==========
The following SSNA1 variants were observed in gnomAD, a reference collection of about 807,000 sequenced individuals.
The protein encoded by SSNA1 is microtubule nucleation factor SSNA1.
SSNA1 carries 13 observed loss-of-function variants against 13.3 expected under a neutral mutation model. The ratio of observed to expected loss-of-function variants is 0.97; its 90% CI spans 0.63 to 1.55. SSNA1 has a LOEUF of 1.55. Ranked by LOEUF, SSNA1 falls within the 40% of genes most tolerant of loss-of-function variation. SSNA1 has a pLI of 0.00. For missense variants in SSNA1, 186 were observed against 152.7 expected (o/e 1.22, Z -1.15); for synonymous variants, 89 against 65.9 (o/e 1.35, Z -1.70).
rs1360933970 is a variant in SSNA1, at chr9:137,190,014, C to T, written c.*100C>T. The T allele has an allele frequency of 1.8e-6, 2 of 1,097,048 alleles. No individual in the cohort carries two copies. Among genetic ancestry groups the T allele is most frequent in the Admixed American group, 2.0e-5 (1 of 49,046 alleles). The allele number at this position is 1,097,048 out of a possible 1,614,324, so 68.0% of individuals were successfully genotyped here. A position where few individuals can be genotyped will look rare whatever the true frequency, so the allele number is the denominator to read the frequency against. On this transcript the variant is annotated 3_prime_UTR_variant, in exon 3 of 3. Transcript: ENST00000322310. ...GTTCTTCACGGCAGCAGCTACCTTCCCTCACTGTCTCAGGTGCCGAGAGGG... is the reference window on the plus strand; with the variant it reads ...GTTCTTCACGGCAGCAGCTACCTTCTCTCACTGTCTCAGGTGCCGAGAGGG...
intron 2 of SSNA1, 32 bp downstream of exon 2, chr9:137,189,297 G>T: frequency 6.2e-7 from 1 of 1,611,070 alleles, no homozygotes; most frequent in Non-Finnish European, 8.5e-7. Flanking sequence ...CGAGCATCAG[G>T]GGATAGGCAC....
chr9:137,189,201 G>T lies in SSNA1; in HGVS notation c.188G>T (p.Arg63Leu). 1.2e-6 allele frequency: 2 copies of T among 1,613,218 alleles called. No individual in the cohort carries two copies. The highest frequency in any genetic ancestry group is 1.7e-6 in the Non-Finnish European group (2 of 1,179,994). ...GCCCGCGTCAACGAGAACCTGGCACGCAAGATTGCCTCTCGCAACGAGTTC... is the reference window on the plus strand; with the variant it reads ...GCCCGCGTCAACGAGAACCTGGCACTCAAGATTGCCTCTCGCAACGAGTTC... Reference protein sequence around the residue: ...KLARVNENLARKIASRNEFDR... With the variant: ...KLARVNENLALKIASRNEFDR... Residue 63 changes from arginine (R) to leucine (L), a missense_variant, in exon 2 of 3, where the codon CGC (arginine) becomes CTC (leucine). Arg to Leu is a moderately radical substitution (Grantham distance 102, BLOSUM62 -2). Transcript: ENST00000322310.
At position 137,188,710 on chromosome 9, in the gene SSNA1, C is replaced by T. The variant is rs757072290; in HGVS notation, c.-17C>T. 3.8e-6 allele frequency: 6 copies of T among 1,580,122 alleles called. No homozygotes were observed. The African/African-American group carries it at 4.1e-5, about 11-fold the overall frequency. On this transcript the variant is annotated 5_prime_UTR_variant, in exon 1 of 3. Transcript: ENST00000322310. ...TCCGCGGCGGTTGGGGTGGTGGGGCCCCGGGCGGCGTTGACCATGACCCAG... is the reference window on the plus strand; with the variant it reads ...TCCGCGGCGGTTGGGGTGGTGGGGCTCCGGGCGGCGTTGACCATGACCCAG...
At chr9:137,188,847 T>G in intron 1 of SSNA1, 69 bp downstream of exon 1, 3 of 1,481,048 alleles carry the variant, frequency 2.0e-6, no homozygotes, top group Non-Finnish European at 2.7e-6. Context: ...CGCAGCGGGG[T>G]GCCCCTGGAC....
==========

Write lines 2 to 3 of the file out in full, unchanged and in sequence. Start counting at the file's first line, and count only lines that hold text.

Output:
The protein encoded by SSNA1 is microtubule nucleation factor SSNA1.
SSNA1 carries 13 observed loss-of-function variants against 13.3 expected under a neutral mutation model. The ratio of observed to expected loss-of-function variants is 0.97; its 90% CI spans 0.63 to 1.55. SSNA1 has a LOEUF of 1.55. Ranked by LOEUF, SSNA1 falls within the 40% of genes most tolerant of loss-of-function variation. SSNA1 has a pLI of 0.00. For missense variants in SSNA1, 186 were observed against 152.7 expected (o/e 1.22, Z -1.15); for synonymous variants, 89 against 65.9 (o/e 1.35, Z -1.70).